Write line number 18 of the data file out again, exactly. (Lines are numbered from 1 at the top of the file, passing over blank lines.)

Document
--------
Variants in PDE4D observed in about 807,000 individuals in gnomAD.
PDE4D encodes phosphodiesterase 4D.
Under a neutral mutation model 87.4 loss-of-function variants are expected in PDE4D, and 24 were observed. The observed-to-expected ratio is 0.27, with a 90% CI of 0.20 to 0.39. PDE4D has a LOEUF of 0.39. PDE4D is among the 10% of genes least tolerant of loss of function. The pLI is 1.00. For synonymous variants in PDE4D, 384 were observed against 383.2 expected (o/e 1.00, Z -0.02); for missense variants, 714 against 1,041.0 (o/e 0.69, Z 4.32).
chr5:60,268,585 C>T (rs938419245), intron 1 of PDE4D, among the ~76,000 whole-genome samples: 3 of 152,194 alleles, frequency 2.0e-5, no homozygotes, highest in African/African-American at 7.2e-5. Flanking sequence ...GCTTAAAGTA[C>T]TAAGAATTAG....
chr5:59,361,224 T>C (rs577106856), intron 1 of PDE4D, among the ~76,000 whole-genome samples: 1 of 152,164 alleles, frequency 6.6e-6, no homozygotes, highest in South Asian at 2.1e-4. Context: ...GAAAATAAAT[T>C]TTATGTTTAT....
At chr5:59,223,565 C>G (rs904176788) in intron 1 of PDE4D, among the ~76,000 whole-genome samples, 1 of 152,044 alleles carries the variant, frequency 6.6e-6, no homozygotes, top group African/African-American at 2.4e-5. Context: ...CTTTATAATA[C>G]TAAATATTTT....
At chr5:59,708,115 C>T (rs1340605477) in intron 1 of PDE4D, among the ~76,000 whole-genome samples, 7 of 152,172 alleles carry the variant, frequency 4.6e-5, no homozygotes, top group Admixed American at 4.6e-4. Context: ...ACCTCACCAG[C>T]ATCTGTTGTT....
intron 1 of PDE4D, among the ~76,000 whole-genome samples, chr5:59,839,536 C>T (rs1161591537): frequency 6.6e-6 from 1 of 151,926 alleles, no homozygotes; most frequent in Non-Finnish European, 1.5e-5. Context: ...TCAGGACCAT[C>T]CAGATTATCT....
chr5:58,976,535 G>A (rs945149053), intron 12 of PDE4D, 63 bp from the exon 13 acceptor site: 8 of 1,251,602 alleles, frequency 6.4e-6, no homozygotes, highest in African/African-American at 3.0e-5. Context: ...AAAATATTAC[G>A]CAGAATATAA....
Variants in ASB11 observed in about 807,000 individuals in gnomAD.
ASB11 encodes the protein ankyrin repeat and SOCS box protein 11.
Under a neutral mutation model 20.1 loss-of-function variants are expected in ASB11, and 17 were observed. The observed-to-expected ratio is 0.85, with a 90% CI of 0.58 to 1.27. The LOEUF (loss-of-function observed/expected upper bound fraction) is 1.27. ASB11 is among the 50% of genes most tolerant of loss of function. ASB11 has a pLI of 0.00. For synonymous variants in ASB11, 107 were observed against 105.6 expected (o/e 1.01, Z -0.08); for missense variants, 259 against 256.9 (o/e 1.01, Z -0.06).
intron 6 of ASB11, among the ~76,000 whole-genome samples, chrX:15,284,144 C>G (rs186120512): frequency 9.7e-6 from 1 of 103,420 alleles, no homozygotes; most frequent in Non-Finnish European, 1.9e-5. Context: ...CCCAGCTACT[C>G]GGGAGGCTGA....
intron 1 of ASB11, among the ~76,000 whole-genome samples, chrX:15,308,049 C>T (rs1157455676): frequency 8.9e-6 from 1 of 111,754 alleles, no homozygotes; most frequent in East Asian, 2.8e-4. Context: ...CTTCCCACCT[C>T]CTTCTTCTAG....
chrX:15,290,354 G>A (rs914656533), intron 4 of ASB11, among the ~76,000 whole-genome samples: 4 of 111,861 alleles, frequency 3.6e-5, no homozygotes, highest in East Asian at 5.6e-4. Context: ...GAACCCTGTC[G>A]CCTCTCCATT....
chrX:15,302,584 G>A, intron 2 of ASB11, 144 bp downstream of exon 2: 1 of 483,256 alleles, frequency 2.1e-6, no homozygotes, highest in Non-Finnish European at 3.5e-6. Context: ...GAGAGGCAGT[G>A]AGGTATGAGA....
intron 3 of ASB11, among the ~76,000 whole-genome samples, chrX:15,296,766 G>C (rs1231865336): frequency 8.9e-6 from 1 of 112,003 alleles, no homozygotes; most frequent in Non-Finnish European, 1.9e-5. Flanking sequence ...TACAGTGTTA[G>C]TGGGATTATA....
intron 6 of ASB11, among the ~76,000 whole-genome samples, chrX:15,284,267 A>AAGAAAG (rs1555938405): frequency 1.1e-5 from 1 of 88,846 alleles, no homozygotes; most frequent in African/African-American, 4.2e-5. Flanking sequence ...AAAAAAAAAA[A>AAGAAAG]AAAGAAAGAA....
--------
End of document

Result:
intron 6 of ASB11, among the ~76,000 whole-genome samples, chrX:15,284,267 A>AAGAAAG (rs1555938405): frequency 1.1e-5 from 1 of 88,846 alleles, no homozygotes; most frequent in African/African-American, 4.2e-5. Flanking sequence ...AAAAAAAAAA[A>AAGAAAG]AAAGAAAGAA....